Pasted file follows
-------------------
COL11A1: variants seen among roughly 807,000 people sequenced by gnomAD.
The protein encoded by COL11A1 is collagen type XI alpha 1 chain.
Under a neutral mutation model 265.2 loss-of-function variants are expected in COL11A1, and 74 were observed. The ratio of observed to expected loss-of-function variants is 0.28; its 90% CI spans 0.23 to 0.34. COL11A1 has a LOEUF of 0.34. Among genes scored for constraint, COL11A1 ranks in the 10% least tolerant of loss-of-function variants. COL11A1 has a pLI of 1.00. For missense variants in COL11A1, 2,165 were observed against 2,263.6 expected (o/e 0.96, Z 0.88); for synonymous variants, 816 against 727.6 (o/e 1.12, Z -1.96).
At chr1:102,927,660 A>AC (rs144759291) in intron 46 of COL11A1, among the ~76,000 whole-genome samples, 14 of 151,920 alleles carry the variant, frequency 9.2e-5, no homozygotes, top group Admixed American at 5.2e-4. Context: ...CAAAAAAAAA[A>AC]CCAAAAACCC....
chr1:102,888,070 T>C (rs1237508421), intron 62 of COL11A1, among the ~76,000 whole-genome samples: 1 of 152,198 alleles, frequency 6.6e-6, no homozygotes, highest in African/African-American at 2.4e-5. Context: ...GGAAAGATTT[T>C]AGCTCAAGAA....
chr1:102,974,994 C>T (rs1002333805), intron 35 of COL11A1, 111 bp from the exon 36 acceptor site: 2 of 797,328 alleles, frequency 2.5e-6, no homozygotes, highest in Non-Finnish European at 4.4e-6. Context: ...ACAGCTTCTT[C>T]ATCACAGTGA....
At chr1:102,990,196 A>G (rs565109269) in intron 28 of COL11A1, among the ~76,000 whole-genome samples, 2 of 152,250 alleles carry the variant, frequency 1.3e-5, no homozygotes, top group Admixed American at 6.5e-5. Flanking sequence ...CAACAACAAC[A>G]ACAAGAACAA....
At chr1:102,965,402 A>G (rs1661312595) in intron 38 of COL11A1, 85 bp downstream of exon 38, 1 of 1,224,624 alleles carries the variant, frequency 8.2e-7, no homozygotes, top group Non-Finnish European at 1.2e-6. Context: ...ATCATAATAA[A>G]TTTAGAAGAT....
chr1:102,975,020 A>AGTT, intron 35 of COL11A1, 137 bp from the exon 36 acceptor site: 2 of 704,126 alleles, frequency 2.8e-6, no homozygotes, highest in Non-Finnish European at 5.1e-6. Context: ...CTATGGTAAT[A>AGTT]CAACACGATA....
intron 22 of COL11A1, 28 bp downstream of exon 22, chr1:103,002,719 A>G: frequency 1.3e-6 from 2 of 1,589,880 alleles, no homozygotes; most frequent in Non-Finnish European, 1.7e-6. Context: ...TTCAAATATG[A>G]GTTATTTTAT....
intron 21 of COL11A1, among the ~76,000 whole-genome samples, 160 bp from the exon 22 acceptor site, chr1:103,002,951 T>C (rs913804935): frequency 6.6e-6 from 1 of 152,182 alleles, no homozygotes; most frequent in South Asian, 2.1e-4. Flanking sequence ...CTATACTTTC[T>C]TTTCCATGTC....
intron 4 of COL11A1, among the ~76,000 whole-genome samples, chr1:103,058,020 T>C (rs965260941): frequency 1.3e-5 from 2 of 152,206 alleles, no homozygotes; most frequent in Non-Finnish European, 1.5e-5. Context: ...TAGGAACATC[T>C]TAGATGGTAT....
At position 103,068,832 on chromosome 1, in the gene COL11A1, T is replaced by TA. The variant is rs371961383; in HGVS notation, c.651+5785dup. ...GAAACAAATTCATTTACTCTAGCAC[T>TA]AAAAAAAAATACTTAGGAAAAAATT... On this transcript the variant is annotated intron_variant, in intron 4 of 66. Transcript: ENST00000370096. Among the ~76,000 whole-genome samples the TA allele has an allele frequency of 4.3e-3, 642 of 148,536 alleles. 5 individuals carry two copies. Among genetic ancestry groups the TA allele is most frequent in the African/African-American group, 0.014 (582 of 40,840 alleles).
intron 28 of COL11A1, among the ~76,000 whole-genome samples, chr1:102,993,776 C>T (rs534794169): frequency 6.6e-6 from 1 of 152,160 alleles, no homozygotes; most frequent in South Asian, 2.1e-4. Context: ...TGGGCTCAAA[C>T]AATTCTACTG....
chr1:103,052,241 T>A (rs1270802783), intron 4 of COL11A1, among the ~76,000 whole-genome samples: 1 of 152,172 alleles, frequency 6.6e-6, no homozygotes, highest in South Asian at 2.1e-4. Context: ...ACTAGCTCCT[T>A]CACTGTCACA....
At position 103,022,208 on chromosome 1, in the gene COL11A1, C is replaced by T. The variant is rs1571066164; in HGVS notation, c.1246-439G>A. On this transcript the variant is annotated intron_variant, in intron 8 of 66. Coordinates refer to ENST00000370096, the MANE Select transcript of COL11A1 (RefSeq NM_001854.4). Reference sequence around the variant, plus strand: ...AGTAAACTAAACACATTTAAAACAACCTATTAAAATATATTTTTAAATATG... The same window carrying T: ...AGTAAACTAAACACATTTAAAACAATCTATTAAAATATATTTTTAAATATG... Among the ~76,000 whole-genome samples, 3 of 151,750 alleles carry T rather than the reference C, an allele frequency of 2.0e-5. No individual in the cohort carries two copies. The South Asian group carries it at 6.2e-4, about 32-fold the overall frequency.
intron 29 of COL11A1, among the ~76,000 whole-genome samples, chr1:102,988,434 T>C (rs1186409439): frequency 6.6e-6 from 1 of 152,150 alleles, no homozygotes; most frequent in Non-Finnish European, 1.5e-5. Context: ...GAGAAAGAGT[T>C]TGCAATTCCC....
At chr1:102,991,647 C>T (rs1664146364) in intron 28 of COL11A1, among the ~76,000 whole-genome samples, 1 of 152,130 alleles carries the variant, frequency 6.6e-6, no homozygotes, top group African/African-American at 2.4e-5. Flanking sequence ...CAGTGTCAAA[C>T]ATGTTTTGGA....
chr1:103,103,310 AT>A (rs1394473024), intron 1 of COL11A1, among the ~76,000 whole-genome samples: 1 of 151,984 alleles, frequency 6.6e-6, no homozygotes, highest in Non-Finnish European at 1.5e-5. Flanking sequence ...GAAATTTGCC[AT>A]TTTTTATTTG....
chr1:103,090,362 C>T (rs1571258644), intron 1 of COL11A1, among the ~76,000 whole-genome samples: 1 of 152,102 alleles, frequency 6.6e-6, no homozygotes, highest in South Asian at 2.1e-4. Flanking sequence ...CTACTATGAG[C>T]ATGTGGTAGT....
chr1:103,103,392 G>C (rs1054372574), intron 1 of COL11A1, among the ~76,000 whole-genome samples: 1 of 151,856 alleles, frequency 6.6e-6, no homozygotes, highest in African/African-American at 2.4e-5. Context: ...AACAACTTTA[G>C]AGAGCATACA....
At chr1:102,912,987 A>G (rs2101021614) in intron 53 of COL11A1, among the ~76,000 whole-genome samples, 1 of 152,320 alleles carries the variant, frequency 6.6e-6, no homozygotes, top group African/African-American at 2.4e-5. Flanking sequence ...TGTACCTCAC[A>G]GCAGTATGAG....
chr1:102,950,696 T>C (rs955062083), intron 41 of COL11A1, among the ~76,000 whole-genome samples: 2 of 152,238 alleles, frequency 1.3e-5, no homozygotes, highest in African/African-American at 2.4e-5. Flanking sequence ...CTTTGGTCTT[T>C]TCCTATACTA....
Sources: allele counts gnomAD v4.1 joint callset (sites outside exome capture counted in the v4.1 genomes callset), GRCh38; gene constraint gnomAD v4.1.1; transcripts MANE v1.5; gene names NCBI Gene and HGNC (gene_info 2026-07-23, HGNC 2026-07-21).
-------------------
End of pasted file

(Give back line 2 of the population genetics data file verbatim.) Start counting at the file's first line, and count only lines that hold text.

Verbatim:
The protein encoded by COL11A1 is collagen type XI alpha 1 chain.